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Chinese Christians Swelling In Number As Orthodox Christianity Gets Left Behind

By | Nov 03, 2014 05:18 AM EST
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China, an officially atheist country that is converting into Christianity at breakneck speed, is bound to become the world's largest Christian country with about 250 million faithful by 2030, save for one group-the Orthodox Christians.

Yang Fenggang of Purdue University said that since the 1980s, the Chinese Christian community has been growing by an average of 10 percent per year. A Pew Research pegged their number at 67 million or roughly about five percent of the total population in mainland China in 2011.

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Unless something short of a miracle happens, however, the Orthodox Christian community-the supposedly prevailing Christian group because of its geographical and historical traces in China-will not see a rise in number.

Present estimates suggest they are less than 0.1% of the population and will remain within their current number in the foreseeable future.

Since the Communist Party of China (CPC) came to power, religions with western flavors have been tolerated but legally banned from the land. This is not the case with the Orthodox Christian church.

According to an article published on The Economist, Orthodox Christianity has legal claims in China because it has historical roots in the land tracing as far back as the 17th century.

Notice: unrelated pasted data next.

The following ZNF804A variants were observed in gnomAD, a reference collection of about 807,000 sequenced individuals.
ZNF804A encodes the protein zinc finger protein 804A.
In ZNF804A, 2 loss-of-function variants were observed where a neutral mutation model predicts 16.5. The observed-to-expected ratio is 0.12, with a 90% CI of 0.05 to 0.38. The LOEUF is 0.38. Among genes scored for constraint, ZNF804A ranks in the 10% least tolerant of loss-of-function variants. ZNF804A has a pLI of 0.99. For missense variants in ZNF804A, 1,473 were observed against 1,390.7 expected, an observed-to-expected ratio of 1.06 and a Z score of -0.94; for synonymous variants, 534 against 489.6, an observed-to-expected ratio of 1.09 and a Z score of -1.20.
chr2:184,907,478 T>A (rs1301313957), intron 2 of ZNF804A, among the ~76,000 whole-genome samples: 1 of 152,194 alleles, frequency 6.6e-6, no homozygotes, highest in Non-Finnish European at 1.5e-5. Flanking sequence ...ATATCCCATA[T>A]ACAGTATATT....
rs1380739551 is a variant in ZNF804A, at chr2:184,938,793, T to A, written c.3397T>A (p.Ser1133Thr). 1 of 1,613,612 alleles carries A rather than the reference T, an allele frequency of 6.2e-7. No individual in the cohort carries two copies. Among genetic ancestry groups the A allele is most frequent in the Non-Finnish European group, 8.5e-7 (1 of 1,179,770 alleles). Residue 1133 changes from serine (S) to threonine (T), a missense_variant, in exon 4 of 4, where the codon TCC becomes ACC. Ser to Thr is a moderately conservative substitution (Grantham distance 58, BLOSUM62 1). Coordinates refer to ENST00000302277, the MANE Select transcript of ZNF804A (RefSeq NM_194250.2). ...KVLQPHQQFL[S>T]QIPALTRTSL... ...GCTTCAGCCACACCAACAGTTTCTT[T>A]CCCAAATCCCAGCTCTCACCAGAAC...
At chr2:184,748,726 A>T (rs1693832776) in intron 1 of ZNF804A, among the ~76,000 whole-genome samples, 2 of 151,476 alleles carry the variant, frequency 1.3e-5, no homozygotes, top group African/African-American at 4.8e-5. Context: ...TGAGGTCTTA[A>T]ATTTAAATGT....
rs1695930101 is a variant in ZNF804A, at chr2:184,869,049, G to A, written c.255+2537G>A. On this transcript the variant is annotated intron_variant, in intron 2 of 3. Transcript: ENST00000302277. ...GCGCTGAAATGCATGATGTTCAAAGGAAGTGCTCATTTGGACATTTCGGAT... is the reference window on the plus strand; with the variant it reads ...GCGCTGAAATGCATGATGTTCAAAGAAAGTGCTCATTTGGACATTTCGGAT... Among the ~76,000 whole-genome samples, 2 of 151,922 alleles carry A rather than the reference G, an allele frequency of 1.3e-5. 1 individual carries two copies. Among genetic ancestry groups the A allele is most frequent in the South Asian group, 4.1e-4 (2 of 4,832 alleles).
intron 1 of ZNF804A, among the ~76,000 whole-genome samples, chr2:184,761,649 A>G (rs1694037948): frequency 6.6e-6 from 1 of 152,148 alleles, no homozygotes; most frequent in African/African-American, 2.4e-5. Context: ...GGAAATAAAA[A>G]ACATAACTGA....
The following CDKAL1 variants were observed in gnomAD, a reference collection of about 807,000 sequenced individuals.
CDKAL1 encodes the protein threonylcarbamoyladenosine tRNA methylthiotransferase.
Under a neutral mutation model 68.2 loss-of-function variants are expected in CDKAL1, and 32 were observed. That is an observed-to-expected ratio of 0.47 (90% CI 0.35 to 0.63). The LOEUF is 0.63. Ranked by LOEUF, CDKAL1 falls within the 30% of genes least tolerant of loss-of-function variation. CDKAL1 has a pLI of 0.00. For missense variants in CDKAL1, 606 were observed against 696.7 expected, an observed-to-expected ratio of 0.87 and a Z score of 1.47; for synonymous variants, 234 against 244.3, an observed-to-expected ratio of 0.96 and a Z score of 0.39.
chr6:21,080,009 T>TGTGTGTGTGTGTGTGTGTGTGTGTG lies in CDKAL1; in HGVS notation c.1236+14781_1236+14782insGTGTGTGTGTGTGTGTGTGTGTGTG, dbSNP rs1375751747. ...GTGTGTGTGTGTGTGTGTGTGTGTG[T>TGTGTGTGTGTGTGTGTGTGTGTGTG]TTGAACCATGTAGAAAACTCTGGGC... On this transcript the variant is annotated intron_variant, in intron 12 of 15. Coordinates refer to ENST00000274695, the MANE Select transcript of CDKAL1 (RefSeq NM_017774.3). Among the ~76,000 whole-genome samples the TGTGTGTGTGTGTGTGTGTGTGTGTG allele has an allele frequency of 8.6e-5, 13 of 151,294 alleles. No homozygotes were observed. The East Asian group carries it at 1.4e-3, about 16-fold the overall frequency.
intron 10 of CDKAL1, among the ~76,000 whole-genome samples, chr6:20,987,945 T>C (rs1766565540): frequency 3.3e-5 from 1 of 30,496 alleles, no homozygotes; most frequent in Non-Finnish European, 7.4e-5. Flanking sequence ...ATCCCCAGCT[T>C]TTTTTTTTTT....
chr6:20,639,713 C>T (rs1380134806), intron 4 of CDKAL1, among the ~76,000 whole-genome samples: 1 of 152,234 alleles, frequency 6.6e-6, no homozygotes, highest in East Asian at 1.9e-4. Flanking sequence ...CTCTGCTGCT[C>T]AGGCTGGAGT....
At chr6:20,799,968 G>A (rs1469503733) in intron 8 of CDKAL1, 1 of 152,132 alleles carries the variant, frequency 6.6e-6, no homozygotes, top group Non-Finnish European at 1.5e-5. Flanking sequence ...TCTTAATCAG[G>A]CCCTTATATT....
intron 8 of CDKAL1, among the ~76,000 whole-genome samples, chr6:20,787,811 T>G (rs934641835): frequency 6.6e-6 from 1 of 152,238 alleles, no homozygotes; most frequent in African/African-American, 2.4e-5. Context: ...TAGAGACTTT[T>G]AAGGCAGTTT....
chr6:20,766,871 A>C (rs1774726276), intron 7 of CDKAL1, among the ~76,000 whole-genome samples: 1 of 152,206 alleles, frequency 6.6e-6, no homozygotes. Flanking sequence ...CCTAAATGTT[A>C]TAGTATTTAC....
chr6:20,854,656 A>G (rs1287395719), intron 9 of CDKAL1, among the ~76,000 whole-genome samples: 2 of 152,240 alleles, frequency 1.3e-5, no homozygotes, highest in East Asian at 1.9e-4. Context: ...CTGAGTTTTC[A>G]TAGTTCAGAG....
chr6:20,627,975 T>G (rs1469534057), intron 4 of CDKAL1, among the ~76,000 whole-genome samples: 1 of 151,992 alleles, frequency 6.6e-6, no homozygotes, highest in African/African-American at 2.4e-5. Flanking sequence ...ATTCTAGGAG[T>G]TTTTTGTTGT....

In northern China, two communities have been practicing the Orthodox faith for the last three centuries: the Albazinians who are of Russian descent and the Evenks who live near the Siberian border.

The religion has since travelled to Harbin and Shanghai and has all but completely died during the communist takeover. At present, they are only numbering to about 15,000 Orthodox Christians who are largely untethered by priests and church leaders.

Meanwhile, the Christian communities are swelling in mostly underground or "house" churches.

Majority of Chinese Christians are forced to go underground because there are very few state-sanctioned places of worship in the country.

The CCP cadres are wary of the growing popularity of the Christian doctrine, which they fear would overtake that of the ruling party's.

This has come to the fore during the recent persecution of Chinese Christian communities in places like Wenzhou, also known as the Jerusalem of the East, where a massive crackdown against Christians have been raging on since April this year.

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